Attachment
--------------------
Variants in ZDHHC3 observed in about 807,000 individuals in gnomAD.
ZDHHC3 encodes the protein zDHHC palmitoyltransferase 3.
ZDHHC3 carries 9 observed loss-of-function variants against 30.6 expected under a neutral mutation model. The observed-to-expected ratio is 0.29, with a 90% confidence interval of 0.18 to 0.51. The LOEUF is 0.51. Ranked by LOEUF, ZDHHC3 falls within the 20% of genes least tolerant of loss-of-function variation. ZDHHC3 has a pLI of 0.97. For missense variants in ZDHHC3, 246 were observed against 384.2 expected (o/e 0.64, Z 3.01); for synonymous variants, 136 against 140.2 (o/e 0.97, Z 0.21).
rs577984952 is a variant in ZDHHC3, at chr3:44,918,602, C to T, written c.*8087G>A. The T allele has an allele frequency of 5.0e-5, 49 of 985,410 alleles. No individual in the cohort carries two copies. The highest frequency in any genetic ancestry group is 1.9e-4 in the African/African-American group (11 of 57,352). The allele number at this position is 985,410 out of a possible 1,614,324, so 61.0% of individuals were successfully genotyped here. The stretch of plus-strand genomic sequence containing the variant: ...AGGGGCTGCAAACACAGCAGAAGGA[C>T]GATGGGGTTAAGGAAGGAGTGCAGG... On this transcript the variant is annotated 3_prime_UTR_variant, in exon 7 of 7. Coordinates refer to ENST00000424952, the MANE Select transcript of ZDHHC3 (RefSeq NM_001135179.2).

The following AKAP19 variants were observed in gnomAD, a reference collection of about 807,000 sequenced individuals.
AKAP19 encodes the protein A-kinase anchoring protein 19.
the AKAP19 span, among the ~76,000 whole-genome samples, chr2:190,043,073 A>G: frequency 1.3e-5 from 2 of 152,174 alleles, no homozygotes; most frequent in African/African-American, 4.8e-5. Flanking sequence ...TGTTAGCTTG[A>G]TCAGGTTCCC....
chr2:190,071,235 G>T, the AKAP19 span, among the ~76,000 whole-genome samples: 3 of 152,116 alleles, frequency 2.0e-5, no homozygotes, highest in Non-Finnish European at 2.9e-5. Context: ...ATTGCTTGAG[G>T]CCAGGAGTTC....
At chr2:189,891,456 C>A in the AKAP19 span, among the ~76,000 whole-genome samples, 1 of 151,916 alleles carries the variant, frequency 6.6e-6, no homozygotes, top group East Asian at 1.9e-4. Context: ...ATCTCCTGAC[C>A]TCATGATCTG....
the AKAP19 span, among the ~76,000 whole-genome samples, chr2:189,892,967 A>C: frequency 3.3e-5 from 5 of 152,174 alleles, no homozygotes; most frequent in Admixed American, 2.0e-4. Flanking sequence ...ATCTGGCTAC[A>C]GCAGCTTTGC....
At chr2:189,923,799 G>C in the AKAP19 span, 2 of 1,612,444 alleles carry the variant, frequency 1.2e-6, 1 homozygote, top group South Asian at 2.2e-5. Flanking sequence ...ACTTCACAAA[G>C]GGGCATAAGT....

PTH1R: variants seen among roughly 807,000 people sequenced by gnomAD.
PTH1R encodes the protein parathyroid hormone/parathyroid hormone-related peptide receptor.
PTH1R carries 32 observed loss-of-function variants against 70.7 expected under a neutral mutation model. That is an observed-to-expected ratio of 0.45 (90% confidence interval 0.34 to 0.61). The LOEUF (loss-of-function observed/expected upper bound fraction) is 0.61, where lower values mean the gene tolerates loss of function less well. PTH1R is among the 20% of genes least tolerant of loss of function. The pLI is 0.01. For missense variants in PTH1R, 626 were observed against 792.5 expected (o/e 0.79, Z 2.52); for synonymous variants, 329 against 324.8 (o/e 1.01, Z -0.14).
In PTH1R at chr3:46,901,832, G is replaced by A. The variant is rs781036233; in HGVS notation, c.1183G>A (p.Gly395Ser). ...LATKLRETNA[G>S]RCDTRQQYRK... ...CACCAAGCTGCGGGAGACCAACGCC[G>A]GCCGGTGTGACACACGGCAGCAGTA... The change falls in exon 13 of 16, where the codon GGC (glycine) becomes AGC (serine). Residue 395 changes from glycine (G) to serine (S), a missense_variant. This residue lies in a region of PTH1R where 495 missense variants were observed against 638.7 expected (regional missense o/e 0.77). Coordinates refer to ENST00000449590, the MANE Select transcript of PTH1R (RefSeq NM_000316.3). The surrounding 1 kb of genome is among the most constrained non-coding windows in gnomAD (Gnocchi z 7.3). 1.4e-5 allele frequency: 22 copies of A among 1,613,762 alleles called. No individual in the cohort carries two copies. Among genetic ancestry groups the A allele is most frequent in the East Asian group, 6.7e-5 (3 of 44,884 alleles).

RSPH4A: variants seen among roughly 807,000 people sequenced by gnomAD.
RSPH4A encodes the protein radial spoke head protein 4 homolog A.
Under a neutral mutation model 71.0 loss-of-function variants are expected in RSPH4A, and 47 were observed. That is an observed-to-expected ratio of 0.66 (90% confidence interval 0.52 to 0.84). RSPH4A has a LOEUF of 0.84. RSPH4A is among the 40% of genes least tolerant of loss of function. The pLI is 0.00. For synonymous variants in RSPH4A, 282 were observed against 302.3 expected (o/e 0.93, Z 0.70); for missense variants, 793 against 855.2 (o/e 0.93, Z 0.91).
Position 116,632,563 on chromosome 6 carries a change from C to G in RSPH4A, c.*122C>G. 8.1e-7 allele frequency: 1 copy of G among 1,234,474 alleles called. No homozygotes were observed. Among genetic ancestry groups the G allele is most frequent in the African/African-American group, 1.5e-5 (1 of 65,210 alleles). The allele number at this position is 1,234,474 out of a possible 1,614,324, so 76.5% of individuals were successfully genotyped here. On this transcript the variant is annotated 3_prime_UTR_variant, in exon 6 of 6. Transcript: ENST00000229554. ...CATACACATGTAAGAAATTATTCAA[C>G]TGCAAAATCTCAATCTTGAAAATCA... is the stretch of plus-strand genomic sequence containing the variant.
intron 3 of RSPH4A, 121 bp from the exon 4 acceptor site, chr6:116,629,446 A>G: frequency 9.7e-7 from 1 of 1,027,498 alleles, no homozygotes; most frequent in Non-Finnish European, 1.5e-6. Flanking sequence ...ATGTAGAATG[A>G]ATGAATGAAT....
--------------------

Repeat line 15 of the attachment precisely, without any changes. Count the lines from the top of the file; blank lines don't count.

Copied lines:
In PTH1R at chr3:46,901,832, G is replaced by A. The variant is rs781036233; in HGVS notation, c.1183G>A (p.Gly395Ser). ...LATKLRETNA[G>S]RCDTRQQYRK... ...CACCAAGCTGCGGGAGACCAACGCC[G>A]GCCGGTGTGACACACGGCAGCAGTA... The change falls in exon 13 of 16, where the codon GGC (glycine) becomes AGC (serine). Residue 395 changes from glycine (G) to serine (S), a missense_variant. This residue lies in a region of PTH1R where 495 missense variants were observed against 638.7 expected (regional missense o/e 0.77). Coordinates refer to ENST00000449590, the MANE Select transcript of PTH1R (RefSeq NM_000316.3). The surrounding 1 kb of genome is among the most constrained non-coding windows in gnomAD (Gnocchi z 7.3). 1.4e-5 allele frequency: 22 copies of A among 1,613,762 alleles called. No individual in the cohort carries two copies. Among genetic ancestry groups the A allele is most frequent in the East Asian group, 6.7e-5 (3 of 44,884 alleles).